Sun 7 Sep 2008
Just because we’re into September and the official end of summer is two weeks away doesn’t mean that we should stop drinking rosé wines. Let’s say that someone pulls a platter of cold roasted chicken from the fridge for lunch; a clean, crisp, chilled rosé is the wine you need. Or say that you’re making sandwiches, chicken salad or ham; again, a rosé is definitely called for. A light Sunday supper, a soup and a salad, perhaps; again, rosé has you covered. Or maybe you’re just sitting out on the porch or the patio or the deck as purple evening shadows mark the end of day: I would estimate that you absolutely need a glass of rosé in your hand, or, even better rosé champagne or sparkling wine, my favorite form of alcoholic beverage. So, here are reviews of two of each.
*A glass of the clean, fresh Chateau de Valcombe Rosé 2007, Costières de Nîmes, glows like a shaft of pale salmon-colored light. Pretty, too, are the scents and flavors of strawberry, peach and melon, highlighted by a bit of tart rhubarb and bolstered by layers of limestone. A pleasing quaff. Very good. About $10 to $12. Costières de Nîmes lies in the southern Rhone Valley, between the river and the ancient Roman city of Nîmes to the west.
*The Domaine Sainte-Eugenie Rosé 2007, Corbières, blends 75 percent cinsault with 15 percent syrah and 10 percent grenache. giving the lie, at least in this example, to the frequently bruited notion that cinsault is a trash grape that should be eliminated from the South of France, for this is a superior rosé. While the color is a light yet vivid magenta, in the mouth the wine reveals how seriously it takes its resonant minerality and electrifying acid. These qualities are etched, though, with delicacies of melon and dried raspberry with a background of orange rind and dried Provencal herbs; an element of dried spice, like red fruit briefly macerated in cloves and cinnamon, develops in the glass. Very good+ About $10 to $12, Great Value. Corbières is in the Languedoc-Roussillon region, in the department of Aude, where France’s Mediterranean coast curves down toward Spain.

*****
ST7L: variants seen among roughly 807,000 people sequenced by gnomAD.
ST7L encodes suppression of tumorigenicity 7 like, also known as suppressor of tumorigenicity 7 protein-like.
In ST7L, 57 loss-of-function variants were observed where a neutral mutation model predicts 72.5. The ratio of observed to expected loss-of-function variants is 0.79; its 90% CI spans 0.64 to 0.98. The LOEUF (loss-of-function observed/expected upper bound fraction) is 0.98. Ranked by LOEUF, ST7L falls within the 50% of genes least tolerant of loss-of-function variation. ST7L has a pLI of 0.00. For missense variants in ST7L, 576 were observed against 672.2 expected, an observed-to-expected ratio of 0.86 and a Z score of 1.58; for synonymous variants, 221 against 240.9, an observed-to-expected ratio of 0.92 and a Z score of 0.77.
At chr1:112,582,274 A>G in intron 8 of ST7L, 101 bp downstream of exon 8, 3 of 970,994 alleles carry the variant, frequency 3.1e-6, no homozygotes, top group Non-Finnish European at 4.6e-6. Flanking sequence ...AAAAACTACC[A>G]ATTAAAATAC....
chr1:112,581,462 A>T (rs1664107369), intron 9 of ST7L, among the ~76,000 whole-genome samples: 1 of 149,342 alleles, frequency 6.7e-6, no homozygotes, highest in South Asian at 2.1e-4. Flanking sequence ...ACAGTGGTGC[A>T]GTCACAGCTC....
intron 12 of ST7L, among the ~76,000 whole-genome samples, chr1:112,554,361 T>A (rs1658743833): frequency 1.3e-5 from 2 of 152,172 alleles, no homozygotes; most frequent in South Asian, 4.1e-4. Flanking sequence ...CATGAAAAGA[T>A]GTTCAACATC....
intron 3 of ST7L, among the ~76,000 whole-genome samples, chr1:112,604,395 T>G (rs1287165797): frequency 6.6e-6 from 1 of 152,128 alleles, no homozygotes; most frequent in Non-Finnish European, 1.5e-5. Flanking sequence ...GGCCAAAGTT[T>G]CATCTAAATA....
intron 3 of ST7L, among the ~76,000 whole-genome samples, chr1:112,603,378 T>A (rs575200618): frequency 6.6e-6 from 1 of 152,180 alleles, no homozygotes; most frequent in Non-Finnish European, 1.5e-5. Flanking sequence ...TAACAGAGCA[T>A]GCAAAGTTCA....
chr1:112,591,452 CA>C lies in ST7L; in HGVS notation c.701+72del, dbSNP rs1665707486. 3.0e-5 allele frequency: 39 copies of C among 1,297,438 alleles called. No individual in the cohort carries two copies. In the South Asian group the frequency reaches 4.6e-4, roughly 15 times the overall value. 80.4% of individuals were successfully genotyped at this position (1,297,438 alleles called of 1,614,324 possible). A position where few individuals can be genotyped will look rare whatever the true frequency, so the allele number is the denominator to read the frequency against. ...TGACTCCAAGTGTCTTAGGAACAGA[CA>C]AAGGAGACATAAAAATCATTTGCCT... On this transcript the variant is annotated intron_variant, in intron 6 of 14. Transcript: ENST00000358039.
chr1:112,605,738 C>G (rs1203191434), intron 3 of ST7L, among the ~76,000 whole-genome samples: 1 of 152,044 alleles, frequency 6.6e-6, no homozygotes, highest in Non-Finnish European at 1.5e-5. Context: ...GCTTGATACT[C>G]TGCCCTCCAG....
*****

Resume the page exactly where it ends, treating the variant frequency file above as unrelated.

These French rosé wines are imported by Robert Kacher, Washington, D.C.
Now the sparkling wine and the champagne.
*Though the winery is in the Napa Valley, the Schramsberg Brut Rosé 2005 carries a North Coast designation because the grapes derive not only from Napa (36%), but from Mendocino (40%), Sonoma (22%) and Marin (2%) counties. The blend of grapes in this sparkling wine is 62 percent pinot noir and 38 percent chardonnay. The color is a rich, burnished salmon-copper; the bouquet bursts from the glass as pure framboise that opens to orange rind, fresh baked biscuits and a touch of candied citron. In the mouth this Brut Rosé is zesty and effervescent, dry and crisp, with flavors of citrusy dried strawberry and lemon curd set into a vibrant yet seductively lush texture. Drink now though 2010 or ’11. Excellent About $50.
*The House of Delamotte, founded in 1760, is a sister producer to the legendary House of Salon, which declares a vintage and makes its expensive blanc de blancs champagne only a few years in a decade. The association means that Delamotte benefits from the grapes that Salon does not use; the other grapes that go into Delamotte’s champagnes are grown in Grand Cru vineyards. The Delamotte Brut Rosé, nonvintage, is a pale onion skin color with a blush of peach for depth; in the glass, a fountain of tiny bubbles spumes upward. The bouquet offers strawberry and fresh bread with heaps of limestone and flint, though this exuberance is tempered by exquisite elegance and flair. In the mouth, a winsome combination of creamy effervescence and spare (yet spicy) flavors of dried red fruit is tempered by traces of an austere chaky, limestone quality and ringing acid. It’s a champagne characterized by refinement and breeding that allows its earthy nature a bit of play; it is, obviously, a champagne for special occasion. 800 cases. Excellent. About $99.
Wilson-Daniels, St. Helena, Cal.